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Trinity Lutheran finally had its day in the Supreme Court and things seem to have gone well. The Missouri church is challenging its exclusion from a state program that provides grants for resurfacing playgrounds with recycled tire material -- except if, like Trinity Lutheran's, those playgrounds are part of churches. That violates its right to free exercise and equal protection, the church argues.

After a year and a half of waiting, the church finally made its case during oral arguments today and many of the justices seemed to be leaning its way.

If you're a regular reader of this blog, you know that we've been impatiently awaiting oral arguments and, ultimately, a decision in Trinity Lutheran Church of Columbia v. Comer. The case is one of the most interesting of the term, both for its factual background (kindergartens! recycled tires!) and its constitutional questions (the extent to which churches may be denied access to otherwise generally available public programs).

After a long delay, the case is finally set for oral arguments this upcoming Wednesday. But now, given a last minute policy change by the governor of Missouri, the case could be moot.

New York State allows companies to offer price discounts to customers who pay in cash. But the state forbids imposing surcharges on credit card users. For retailers, this is more than just a question of semantics. Surcharges discourage credit card use more than discounts encourage cash, thus helping business avoid the two to three percent swipe fee companies like Visa or MasterCard apply every time a customer pays with plastic.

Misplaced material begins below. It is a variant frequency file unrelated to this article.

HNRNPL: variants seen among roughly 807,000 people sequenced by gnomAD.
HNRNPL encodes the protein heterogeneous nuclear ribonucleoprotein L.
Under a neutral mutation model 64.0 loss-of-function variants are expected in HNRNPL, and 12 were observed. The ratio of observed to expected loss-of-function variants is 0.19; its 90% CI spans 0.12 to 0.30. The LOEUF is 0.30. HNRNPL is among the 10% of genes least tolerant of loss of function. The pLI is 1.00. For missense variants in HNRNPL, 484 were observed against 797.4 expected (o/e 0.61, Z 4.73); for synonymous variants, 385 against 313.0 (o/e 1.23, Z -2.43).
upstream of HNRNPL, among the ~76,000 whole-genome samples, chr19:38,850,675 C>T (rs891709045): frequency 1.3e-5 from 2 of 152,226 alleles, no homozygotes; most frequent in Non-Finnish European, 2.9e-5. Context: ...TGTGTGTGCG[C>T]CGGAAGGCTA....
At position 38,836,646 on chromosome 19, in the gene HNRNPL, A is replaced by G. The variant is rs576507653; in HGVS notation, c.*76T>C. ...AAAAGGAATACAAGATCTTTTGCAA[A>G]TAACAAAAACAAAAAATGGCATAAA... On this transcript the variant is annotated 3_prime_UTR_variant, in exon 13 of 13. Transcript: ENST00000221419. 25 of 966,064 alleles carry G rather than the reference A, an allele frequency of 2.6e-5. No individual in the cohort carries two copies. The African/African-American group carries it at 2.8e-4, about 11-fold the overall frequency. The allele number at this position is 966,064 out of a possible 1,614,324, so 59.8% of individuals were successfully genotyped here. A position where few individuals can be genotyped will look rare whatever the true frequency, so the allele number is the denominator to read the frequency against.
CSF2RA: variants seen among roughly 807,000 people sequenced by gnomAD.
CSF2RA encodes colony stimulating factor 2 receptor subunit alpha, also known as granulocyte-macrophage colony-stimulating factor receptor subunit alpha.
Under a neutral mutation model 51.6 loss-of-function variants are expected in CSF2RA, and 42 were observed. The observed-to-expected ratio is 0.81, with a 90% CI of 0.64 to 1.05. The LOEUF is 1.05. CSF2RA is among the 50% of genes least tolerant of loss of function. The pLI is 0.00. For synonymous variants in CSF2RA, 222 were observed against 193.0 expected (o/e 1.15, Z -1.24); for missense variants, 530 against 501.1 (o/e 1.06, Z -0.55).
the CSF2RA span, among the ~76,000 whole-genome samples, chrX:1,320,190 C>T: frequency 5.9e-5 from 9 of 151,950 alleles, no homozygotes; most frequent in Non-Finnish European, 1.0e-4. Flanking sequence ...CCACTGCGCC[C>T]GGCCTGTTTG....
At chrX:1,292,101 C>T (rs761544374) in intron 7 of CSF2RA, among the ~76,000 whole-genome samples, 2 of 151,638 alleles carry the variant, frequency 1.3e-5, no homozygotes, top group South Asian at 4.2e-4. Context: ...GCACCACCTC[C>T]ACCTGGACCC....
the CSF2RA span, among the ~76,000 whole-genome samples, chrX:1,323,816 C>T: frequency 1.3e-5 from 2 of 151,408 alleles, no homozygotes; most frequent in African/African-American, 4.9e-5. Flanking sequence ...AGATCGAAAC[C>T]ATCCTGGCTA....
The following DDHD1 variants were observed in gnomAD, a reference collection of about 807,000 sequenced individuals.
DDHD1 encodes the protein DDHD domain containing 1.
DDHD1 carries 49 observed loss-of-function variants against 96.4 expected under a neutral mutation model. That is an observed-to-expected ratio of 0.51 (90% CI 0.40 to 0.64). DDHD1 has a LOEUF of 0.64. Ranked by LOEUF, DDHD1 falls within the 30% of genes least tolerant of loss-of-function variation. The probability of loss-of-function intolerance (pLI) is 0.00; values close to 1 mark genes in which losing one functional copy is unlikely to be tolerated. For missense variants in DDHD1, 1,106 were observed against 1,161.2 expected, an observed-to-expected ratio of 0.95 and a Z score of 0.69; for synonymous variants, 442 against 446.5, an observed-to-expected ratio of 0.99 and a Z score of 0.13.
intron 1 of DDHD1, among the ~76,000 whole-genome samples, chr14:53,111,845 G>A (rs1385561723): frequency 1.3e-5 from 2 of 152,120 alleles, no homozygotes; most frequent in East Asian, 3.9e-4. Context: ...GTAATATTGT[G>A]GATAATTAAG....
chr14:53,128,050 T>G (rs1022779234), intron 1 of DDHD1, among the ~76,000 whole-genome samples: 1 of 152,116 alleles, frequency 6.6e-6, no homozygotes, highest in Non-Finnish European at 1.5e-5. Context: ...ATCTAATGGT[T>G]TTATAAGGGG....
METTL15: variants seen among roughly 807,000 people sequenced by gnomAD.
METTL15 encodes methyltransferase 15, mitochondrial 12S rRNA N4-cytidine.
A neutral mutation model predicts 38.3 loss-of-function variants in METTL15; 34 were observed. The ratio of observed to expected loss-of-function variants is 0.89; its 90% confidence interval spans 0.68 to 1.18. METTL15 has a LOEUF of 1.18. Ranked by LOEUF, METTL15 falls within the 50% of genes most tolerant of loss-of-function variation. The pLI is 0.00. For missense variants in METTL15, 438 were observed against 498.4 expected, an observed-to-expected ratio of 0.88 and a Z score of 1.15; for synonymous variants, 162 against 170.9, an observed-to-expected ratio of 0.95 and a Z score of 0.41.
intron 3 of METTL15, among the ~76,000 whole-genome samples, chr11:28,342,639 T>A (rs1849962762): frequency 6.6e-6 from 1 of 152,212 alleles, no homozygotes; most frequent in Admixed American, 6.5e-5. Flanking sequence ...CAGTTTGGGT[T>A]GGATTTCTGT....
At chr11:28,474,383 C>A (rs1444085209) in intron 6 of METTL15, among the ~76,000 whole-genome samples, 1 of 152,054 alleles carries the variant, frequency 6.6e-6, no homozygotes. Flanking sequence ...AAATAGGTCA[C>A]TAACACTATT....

A coalition of New York businesses, led by a hair salon from outside of Binghamton, sued, claiming that the law violated their First Amendment rights. Yesterday, they won a narrow victory in the Supreme Court, with the Court ruling that New York's law implicates free speech rights and must be analyzed under those standards.

Texas's standards for evaluating mentally disabled death row inmates are unconstitutional, the Supreme Court ruled yesterday.

Until Tuesday, when asked to determine if an inmate was too mentally disabled to execute, Texas relied on a medical definition from 1992, since superseded, and a set of nonclinical factors known as the "Lennie standard." That's Lennie as in Lennie Small, the sweet-natured but simple-minded character from Steinbeck's "Of Mice and Men."

Well, this is awkward. Just as Neil Gorsuch faced a barrage of hard hitting questions for the third day in a row, the Supreme Court overruled him on a controversial opinion from 2008. Senator Dick Durbin took the judge to task over that ruling, where the judge rejected a challenge by the parents of an autistic boy who claimed that his school had failed to provide him the educational services required under the Individuals with Disabilities Education Act. Since the student was making some progress toward his goals, the school had met its legal responsibilities, Gorsuch concluded.

But today, the Supreme Court unanimously ruled that more than just de minimis progress was required. Gorsuch learned of the ruling during a brief break, allowing him to address it during his testimony.